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How this mom advocates against childhood sexual abuse

We have to believe that it happens

How this mom advocates against childhood sexual abuse

Trigger warning: This article contains a story and description of child sexual abuse.

The very thought of it makes us nauseous. The idea that a child—our child—could be sexually abused is so upsetting that we can't bear to think about it. But the devastating reality is that we must.

I had the honor of speaking to a mother who lived through this. She shared her story here: The story of her son who was sexually abused by his babysitter.

This mother's bravery, candidness and resolve humbled me deeply. And I'll be honest—it took me a long time to sit down and write this article. Because how on earth can you do justice to this family's experience?

The heart-breaking answer is that you can't.

There is nothing that can make this go away for this mother and her family. What we can do though—what she wants—is to share her story.

Since her experience, she has become an advocate, for her family and for others. We are so grateful for her insight on ways to feel empowered and protect your family. Here's what she shared:

1. We have to believe that it happens

Wrapping our minds around the possibility of something awful happening to our children is incredibly difficult. But the first step in preventing it is acknowledging that it could happen. The Centers for Disease Control (CDC) estimates that one out of six boys and one of four girls are sexually abused as children. Eighty-four percent of incidents happen in the child's home, and as many as 95% of the abusers have prior relationships with the families.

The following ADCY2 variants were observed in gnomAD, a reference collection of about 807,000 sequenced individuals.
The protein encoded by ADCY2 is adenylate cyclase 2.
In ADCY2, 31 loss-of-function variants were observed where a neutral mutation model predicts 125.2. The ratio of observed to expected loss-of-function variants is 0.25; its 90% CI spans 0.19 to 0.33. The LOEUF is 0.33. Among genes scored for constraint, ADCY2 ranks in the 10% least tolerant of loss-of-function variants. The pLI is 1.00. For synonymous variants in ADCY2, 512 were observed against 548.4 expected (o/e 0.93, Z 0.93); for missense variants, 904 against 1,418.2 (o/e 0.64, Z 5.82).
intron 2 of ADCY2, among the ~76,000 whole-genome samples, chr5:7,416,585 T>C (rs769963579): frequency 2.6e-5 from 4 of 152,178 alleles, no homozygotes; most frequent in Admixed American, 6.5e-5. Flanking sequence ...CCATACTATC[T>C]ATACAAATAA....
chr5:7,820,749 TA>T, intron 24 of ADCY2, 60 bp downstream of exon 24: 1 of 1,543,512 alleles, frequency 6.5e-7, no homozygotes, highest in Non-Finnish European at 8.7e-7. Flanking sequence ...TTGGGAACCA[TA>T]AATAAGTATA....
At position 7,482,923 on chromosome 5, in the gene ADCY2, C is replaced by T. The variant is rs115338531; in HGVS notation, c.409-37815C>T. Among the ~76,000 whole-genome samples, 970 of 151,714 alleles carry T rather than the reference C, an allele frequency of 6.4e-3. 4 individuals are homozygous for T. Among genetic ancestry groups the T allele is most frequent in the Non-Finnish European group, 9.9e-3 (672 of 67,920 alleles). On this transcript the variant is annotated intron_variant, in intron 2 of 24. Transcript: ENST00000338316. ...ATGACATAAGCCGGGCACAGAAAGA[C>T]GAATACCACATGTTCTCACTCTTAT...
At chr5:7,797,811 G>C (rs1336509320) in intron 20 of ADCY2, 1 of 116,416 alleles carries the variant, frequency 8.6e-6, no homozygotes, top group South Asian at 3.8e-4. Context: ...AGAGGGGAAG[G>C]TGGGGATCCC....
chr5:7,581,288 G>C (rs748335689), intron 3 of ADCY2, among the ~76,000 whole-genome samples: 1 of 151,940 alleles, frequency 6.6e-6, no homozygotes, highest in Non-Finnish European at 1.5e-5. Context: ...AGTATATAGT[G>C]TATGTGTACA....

The National Center for Victims of Crimes shares that it's also important to know that "child sexual abuse is not solely restricted to physical contact—such abuse could include noncontact abuse, such as exposure, voyeurism and child pornography."

Symptoms of child abuse may include genital discomfort or infection, difficult or painful bowel movements, or behavioral signs such as depression, anger, bed-wetting, nightmares, fear or sudden change in activity level.

The scope of this problem is huge. We simply cannot ignore it.

2. No secrets in our family

As abusers will often tell the child to keep their activities a secret, it's important to communicate—to everyone—that your family does not keep secrets. This means telling your children, and anyone who has contact with them, that "our family does not keep secrets."

Differentiate between surprises and secrets. Expert Jayneen Sanders told Motherly, "Talk about 'happy surprises' instead such as not telling Granny about her surprise birthday party. Compare this with 'unsafe' secrets such as someone touching their private parts. Make sure your child knows that if someone does ask them to keep an unsafe secret that they must tell someone."

3. Talk about it. To everyone. A lot.

It's normal to feel uncomfortable about this. Talking about sex, body parts and abuse is simply not something we are used to doing, and it feels awkward—especially when it involves our children. But we have to talk about it. All the time. The way to change the awkwardness of it is to just start.

It gets easier, and eventually, it just becomes second nature.

For the mom I spoke with, this means telling everyone who comes in contact with her kids that they are teaching their kids about body safety and that their family does not keep secrets.